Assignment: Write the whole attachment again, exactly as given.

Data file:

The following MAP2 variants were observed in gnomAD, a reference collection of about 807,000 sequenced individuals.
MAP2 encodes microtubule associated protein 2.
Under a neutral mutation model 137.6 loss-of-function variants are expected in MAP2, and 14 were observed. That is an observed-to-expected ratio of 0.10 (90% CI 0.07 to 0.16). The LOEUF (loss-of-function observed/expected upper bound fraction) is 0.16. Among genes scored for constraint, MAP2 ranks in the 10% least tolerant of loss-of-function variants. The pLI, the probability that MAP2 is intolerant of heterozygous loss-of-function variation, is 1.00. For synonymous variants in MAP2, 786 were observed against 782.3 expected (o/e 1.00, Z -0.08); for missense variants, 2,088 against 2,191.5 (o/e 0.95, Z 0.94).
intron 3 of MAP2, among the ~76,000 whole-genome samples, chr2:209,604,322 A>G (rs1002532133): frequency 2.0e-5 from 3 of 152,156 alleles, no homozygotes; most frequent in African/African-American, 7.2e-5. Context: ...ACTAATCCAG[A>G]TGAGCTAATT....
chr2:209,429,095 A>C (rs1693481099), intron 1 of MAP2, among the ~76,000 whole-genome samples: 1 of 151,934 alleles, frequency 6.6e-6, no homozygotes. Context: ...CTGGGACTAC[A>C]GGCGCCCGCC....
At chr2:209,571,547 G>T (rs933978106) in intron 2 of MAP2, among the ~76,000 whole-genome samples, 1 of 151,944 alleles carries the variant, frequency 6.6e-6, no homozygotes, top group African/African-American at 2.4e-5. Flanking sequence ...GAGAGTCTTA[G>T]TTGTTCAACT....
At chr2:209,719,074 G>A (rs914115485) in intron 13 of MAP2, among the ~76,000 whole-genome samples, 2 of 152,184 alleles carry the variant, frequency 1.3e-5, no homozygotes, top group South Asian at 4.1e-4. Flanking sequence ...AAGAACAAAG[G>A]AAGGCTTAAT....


The following MAP2 variants were observed in gnomAD, a reference collection of about 807,000 sequenced individuals.
MAP2 encodes microtubule associated protein 2.
Under a neutral mutation model 137.6 loss-of-function variants are expected in MAP2, and 14 were observed. That is an observed-to-expected ratio of 0.10 (90% CI 0.07 to 0.16). The LOEUF (loss-of-function observed/expected upper bound fraction) is 0.16. Among genes scored for constraint, MAP2 ranks in the 10% least tolerant of loss-of-function variants. The pLI, the probability that MAP2 is intolerant of heterozygous loss-of-function variation, is 1.00. For synonymous variants in MAP2, 786 were observed against 782.3 expected (o/e 1.00, Z -0.08); for missense variants, 2,088 against 2,191.5 (o/e 0.95, Z 0.94).
intron 3 of MAP2, among the ~76,000 whole-genome samples, chr2:209,604,322 A>G (rs1002532133): frequency 2.0e-5 from 3 of 152,156 alleles, no homozygotes; most frequent in African/African-American, 7.2e-5. Context: ...ACTAATCCAG[A>G]TGAGCTAATT....
chr2:209,429,095 A>C (rs1693481099), intron 1 of MAP2, among the ~76,000 whole-genome samples: 1 of 151,934 alleles, frequency 6.6e-6, no homozygotes. Context: ...CTGGGACTAC[A>C]GGCGCCCGCC....
At chr2:209,571,547 G>T (rs933978106) in intron 2 of MAP2, among the ~76,000 whole-genome samples, 1 of 151,944 alleles carries the variant, frequency 6.6e-6, no homozygotes, top group African/African-American at 2.4e-5. Flanking sequence ...GAGAGTCTTA[G>T]TTGTTCAACT....
At chr2:209,719,074 G>A (rs914115485) in intron 13 of MAP2, among the ~76,000 whole-genome samples, 2 of 152,184 alleles carry the variant, frequency 1.3e-5, no homozygotes, top group South Asian at 4.1e-4. Flanking sequence ...AAGAACAAAG[G>A]AAGGCTTAAT....